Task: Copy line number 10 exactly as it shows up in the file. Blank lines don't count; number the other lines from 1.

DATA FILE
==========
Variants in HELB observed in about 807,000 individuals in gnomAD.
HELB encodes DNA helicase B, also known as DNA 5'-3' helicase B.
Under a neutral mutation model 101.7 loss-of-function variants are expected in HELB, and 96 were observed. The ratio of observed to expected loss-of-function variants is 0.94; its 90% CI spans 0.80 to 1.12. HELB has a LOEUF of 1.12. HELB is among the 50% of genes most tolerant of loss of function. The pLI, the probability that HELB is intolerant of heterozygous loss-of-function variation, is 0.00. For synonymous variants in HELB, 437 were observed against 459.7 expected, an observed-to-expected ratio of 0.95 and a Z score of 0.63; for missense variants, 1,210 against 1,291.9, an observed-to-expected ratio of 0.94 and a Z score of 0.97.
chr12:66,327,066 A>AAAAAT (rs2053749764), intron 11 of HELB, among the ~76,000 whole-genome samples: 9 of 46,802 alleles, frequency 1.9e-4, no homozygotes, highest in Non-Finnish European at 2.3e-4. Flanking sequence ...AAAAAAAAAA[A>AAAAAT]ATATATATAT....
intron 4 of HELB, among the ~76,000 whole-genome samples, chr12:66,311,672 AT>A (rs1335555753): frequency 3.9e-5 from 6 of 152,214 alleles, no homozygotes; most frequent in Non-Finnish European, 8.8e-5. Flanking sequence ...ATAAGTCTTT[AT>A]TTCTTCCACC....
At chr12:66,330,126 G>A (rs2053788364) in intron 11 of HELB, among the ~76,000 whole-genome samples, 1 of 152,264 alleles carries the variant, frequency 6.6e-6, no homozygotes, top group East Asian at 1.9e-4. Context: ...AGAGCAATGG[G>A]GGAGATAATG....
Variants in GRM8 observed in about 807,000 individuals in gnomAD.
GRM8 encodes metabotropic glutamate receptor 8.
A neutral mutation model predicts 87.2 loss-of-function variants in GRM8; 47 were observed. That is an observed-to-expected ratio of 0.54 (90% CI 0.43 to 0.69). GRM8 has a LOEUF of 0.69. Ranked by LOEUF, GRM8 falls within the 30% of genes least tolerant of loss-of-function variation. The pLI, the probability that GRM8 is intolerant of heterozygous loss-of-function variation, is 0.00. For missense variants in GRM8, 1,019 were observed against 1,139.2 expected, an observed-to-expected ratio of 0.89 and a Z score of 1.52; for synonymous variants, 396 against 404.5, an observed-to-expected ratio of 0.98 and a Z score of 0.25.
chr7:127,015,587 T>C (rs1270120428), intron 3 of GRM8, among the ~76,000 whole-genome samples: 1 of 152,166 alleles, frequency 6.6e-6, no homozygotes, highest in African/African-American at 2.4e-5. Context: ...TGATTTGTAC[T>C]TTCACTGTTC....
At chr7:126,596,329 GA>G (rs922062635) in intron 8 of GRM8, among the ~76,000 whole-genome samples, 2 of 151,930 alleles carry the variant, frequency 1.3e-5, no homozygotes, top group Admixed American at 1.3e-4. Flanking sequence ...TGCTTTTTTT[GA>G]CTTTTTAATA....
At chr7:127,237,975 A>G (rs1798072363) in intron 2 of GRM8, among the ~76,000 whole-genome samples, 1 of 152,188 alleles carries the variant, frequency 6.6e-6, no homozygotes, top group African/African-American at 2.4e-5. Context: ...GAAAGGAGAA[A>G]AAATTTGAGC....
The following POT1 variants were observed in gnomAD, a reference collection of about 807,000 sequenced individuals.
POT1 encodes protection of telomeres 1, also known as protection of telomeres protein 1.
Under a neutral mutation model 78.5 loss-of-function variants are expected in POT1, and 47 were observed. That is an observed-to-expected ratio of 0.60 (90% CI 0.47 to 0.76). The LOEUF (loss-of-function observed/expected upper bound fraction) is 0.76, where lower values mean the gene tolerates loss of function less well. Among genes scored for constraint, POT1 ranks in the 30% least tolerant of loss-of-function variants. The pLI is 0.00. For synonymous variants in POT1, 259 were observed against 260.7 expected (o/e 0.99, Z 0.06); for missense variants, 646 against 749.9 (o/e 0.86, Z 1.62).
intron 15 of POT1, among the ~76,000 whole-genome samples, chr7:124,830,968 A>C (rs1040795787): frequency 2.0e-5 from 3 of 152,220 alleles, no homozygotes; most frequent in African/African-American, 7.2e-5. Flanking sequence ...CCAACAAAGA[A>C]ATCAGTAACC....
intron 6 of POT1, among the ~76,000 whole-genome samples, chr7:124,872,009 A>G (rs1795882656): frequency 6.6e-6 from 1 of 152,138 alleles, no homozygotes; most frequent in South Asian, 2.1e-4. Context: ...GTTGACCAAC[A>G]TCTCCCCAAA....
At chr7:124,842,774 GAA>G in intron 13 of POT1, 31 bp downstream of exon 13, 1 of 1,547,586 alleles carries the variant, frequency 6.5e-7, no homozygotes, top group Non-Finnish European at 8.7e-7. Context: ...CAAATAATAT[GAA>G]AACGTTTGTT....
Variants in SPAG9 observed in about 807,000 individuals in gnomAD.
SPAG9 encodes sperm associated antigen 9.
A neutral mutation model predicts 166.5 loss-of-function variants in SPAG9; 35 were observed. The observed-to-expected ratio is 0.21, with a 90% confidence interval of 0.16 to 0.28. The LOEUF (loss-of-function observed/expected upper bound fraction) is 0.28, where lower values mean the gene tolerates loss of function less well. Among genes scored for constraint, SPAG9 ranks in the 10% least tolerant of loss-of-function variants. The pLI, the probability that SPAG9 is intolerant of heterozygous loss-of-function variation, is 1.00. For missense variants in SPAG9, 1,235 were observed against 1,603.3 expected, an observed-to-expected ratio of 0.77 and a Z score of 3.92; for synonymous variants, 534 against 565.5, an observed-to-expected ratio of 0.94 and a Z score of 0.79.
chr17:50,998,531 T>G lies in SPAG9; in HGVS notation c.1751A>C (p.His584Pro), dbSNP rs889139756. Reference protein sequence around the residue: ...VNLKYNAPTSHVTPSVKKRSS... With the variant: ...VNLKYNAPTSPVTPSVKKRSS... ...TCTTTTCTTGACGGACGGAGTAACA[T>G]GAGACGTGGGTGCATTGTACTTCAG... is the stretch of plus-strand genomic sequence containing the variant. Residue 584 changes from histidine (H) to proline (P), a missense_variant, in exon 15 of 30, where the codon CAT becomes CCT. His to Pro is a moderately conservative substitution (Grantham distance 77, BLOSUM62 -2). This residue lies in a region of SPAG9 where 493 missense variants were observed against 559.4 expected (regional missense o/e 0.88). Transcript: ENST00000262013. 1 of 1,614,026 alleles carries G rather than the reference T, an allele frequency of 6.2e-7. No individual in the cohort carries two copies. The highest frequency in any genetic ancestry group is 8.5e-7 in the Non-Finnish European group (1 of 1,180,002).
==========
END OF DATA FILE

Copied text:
chr7:127,015,587 T>C (rs1270120428), intron 3 of GRM8, among the ~76,000 whole-genome samples: 1 of 152,166 alleles, frequency 6.6e-6, no homozygotes, highest in African/African-American at 2.4e-5. Context: ...TGATTTGTAC[T>C]TTCACTGTTC....